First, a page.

Why you should ignore most questions in the HTC Challenge

I like the HFC competition, for my own reasons. However, most forecasters don’t seem to understand the highly punative scoring system imposed upon them. They will cast a question thinking that because they understand the problem domain more than most, they should answer it. That is flat out wrong, worse, the HFC scoring system inadvertantly encourages casters to participate in more questions because the fewer in a question the more points they can earn. Yet, they don’t seem to process that is a double edge sword.

Lets look at the last few questions that were resoved (correctly, I will point out).
Here are the net points the forecasters got as a group

Paraguayan election -187
Syria strike -303
Cuba election -338
Baffin bay St Lawrence ice extent -305

Let me point out for those who think it is a dash, it is not, it is a negative sign. That is *negative* 187 points. As in, the ‘team Prescience’ would have been better off not forecasting it. At all. But there is an algorithm in the back that will heavily weight the forecasts of the high forecasters and ignore the low ones. So I will avoid discussing the entire team avoiding questions, instead lets look at picking the *right* questions.

If you are wanting to get a high score then lets look at some math. For example the Baffin Bay Ice problem. I got the high score…of 0 points. In fact 13 of us did. The low score got -106. So from a game theory perspective, we risked -106 for achieving 0. That is stupidity.

Another question, the Colorado party Paraguyan question. It started out about 80/20. Top score got only 6 points, the worst got -79. What does that tell you? That you need to be about 13x more confident before you enter a question if it is above 80 or below 20. I could make a heuristic here and say you need to take the percentage ratio 80:20=4 and multiply that by 3 (=12x) to get how much more confident you know more about this question than anybody else. That is, if their is very little variance amongst the casts, so if everyone is in the same range, like 80/20, 82/18, 78/22 then there is low variance.

If high uncertainty reigns. And there are 70/30 and 50/50 and 20/80 and other casts all over the place, then you will be able to win more points as the median estimates will be farther off from your estimate. Like with the Material conflicts in Occupied Palestine question. Almost 1/2 the scores were positive and 1/2 negative, so a favorable question to participate in if you have a small advantage with your judgment.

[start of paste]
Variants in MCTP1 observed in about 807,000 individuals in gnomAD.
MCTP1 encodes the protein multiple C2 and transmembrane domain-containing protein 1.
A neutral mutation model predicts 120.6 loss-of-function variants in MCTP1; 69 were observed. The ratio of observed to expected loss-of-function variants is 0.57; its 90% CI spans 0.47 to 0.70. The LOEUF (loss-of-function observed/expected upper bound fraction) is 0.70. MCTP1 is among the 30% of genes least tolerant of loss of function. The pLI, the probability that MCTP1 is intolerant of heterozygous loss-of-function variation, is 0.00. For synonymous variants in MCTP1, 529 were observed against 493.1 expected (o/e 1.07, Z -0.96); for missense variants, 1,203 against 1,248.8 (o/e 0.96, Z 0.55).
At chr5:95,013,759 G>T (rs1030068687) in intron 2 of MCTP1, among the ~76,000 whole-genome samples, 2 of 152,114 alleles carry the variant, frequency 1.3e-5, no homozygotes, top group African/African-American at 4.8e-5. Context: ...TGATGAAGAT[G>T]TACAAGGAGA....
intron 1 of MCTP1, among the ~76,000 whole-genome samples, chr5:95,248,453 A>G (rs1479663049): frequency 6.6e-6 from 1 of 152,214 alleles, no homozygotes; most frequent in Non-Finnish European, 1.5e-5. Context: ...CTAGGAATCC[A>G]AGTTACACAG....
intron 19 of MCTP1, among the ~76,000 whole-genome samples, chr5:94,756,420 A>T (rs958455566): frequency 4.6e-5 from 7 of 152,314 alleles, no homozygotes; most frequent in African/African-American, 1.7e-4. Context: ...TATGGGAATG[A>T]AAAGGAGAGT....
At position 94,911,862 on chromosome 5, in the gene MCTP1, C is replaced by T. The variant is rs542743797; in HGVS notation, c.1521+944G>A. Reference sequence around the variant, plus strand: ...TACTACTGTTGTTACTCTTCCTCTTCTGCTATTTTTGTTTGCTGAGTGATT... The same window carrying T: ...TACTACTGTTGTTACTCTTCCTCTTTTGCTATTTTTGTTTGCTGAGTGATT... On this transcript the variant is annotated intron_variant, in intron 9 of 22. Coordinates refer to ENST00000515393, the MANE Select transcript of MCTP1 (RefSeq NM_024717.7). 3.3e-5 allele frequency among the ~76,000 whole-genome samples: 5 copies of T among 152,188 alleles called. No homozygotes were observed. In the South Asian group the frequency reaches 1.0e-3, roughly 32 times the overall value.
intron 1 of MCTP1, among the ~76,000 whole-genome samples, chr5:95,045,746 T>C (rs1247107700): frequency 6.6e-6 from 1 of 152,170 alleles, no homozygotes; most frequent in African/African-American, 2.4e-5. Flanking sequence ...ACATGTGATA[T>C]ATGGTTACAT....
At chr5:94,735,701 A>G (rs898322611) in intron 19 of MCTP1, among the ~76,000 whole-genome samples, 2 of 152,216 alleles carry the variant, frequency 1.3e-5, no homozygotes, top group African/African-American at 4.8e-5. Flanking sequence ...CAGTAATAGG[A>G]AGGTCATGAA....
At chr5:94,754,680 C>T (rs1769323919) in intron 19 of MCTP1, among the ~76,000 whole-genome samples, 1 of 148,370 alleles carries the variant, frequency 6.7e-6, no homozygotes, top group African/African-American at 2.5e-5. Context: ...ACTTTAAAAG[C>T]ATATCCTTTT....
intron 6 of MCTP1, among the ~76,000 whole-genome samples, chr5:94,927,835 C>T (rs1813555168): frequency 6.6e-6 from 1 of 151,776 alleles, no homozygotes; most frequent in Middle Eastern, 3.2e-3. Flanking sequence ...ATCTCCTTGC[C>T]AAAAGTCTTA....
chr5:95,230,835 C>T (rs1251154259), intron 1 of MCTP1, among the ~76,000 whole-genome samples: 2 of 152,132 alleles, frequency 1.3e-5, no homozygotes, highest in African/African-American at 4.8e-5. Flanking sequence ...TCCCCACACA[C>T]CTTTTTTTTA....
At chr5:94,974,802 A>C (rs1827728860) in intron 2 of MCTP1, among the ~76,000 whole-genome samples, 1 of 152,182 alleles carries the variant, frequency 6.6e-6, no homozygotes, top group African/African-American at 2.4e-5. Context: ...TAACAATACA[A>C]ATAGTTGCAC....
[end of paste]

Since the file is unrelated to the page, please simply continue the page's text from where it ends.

Conclusions – Triage the new questions carefully. Avoid getting into a question for emotional reasons, or because you know more about it than the average dude at a party.
Avoid questions where there seems to be a consensus in the answer. Unless you really, really, know a shitload more than everyone else *and* you can avoid your own hedgehog bias. You have much to lose and little to gain. On the flip side, if there is chaos amongst the casts, then you can enter the fray with a slight advantage.


Posted in musings and tagged by with 2 comments.

Comments

  • Jim33 says:

    Astute. Not being a statistical maven … well, I did once take a stats class (and it was so much harder than I had forecasted) … your input is very welcome. Now, if our team members would just get rid of their outlier range forecasts when it becomes clear that they aren’t going to happen, the crowd score (which is what counts) would improve to a degree.

    • admin says:

      Yep, but we have to be careful. There are several questions where the data changes *after* we finish forecasting and *before* it is resolved. Like the earthquake question and the data-breaches question.

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